I am a Christian because of Jesus. He kept my husband alive. He stopped me from killing myself just a little less than a year ago. I have seen Him work in time and space to such a degree that my father-in-law, after breaking both of his knees, was brought from Europe to the United States by a missionary who “just happened” to be in the area. The only missionary in the area that our church had any kind of contact with. I have seen babies who should have died thrive. I have seen marriages restored. I have seen prodigals return. I have had bills paid and needs met. I have witnessed testimonies of those who tumors have disappeared.

Above all, I have seen love. Real, selfless, lasting love. I have watched people spend money they can’t spare to help others in need. I have known some whose wretched tempers used to control them who are now gentle as lambs. I have seen big men rock children to sleep. I have seen women with nothing in common embrace each other as sisters. I have siblings, aunts, uncles, grandparents all across this area because of Jesus.

I could not see Him until my eyes were opened. Again, I don’t understand the mystery of His will and ours. All I know is that I reached a point where I wanted to see. I no longer desired to suppress the truth. And there is truth, my friend.

His name is Jesus.

My journey to faith. (15)

For all posts in the How I Came to Faith series, go here

How I Came to Faith: Married Days

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Gentle Reader,

Arriving at an intellectual acquiescence to Christianity left me stuck between the proverbial rock and a hard place. I knew that I could not travel down the roads of other religions or atheism, but I had very little toleration for those who called themselves God’s people. Scripture makes much of the family of God, and I knew that I couldn’t call myself a Christian and not be an active part of that community. How could I reconcile this with the awful experiences I’d had? I’d seen revivals crushed, pastors forced from their pulpits, the Bible used for personal gain. How could I possibly be part of that group?

This was to be a stumbling block for quite some time, but I had other problems. I’d done enough reading about historiography and the bibliographic test in particular to accept that the Bible, and the New Testament especially, had been accurately preserved. (If you are skeptical, do some research yourself – using unbiased sources. They do exist.) I was not hung up on the finer points of inerrancy; it did not matter to me if numbers of soldiers had been rounded up or down. The Bible is not explicitly a history book. Nor is it a science book, so I took no issue with a non-literal reading of the Genesis account. It seemed readily apparent to me that the Bible contained things from the mouth of God and things inspired by the author’s relationship to God. What mattered is that this is what we needed to know.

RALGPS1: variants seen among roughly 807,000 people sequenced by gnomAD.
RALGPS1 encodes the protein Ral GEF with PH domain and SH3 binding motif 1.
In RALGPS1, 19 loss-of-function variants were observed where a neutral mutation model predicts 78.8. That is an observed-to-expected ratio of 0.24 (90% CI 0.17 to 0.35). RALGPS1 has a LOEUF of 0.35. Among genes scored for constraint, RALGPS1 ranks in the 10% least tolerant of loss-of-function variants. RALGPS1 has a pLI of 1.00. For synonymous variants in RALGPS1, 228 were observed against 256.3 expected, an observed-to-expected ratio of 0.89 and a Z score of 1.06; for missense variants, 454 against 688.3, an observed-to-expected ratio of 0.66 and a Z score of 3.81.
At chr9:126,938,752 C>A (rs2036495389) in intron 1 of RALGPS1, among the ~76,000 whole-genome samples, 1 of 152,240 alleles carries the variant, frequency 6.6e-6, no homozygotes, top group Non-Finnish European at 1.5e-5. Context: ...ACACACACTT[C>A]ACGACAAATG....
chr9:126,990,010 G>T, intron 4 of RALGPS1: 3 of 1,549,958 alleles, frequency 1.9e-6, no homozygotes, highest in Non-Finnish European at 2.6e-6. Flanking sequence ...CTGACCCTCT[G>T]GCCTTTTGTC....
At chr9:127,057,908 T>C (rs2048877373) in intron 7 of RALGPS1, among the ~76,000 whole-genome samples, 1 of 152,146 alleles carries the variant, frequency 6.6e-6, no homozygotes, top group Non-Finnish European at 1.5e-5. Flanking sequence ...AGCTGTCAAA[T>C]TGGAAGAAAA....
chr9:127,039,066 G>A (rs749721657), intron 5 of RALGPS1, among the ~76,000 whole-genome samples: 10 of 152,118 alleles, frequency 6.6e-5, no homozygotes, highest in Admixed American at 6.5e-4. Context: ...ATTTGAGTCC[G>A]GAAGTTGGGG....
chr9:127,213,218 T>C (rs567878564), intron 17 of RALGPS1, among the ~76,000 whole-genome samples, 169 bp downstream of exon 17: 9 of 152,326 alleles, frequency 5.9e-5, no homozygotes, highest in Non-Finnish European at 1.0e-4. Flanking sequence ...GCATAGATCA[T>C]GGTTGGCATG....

(An important note here: Not everything recorded in the Bible has God’s seal of approval. I grow weary of people pointing to episodes of, say, incest and claiming that God is fine with it. Anything in those pages that goes against His commands is clearly wrong, even if a consequence is not mentioned).

My problem came in a clash between what my mind accepted as true and what my beliefs pushed me to live out. This dissonance showed itself in my hunger to know more about God while I lived apart from Him. I could read a passage and think, “Yes, this makes sense,” and then go out and do the exact opposite. Don’t sleep around, God says. You’ll get hurt and tangled up if you do. I knew in my gut that was true, yet I was so obsessed with keeping my then-boyfriend (now husband) that I rationalized that, somehow, it wouldn’t happen to me.

Again, I was blind to my own hypocrisy and quick to see it in others.

A mental acceptance of the Gospel does nothing. Even the demons believe (James 1:19). I had enough firepower in my arsenal to engage in intelligent, spirited debate – but my heart was empty. My life was hollow. I didn’t look any different. I didn’t feel any different. And I knew, somehow, that this didn’t make sense. I read of encounters that Jesus had with people and how they came away completely changed. Why was I the same?